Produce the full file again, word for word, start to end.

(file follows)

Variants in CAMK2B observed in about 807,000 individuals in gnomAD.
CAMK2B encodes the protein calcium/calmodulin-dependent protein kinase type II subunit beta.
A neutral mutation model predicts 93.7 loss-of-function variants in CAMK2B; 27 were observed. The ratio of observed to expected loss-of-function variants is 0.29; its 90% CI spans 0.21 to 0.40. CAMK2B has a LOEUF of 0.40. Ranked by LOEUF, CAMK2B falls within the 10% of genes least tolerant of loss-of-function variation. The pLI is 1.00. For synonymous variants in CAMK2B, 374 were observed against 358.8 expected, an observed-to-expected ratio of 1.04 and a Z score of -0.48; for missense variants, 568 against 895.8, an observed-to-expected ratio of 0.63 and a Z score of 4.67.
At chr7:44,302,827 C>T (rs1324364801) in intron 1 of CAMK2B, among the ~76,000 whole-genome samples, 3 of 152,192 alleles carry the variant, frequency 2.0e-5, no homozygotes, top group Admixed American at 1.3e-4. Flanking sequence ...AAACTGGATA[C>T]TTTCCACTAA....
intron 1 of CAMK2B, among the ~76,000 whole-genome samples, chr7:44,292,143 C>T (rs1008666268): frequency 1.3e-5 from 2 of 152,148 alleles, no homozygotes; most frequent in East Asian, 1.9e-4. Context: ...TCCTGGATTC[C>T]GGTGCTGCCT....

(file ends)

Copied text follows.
Variants in CAMK2B observed in about 807,000 individuals in gnomAD.
CAMK2B encodes the protein calcium/calmodulin-dependent protein kinase type II subunit beta.
A neutral mutation model predicts 93.7 loss-of-function variants in CAMK2B; 27 were observed. The ratio of observed to expected loss-of-function variants is 0.29; its 90% CI spans 0.21 to 0.40. CAMK2B has a LOEUF of 0.40. Ranked by LOEUF, CAMK2B falls within the 10% of genes least tolerant of loss-of-function variation. The pLI is 1.00. For synonymous variants in CAMK2B, 374 were observed against 358.8 expected, an observed-to-expected ratio of 1.04 and a Z score of -0.48; for missense variants, 568 against 895.8, an observed-to-expected ratio of 0.63 and a Z score of 4.67.
At chr7:44,302,827 C>T (rs1324364801) in intron 1 of CAMK2B, among the ~76,000 whole-genome samples, 3 of 152,192 alleles carry the variant, frequency 2.0e-5, no homozygotes, top group Admixed American at 1.3e-4. Flanking sequence ...AAACTGGATA[C>T]TTTCCACTAA....
intron 1 of CAMK2B, among the ~76,000 whole-genome samples, chr7:44,292,143 C>T (rs1008666268): frequency 1.3e-5 from 2 of 152,148 alleles, no homozygotes; most frequent in East Asian, 1.9e-4. Context: ...TCCTGGATTC[C>T]GGTGCTGCCT....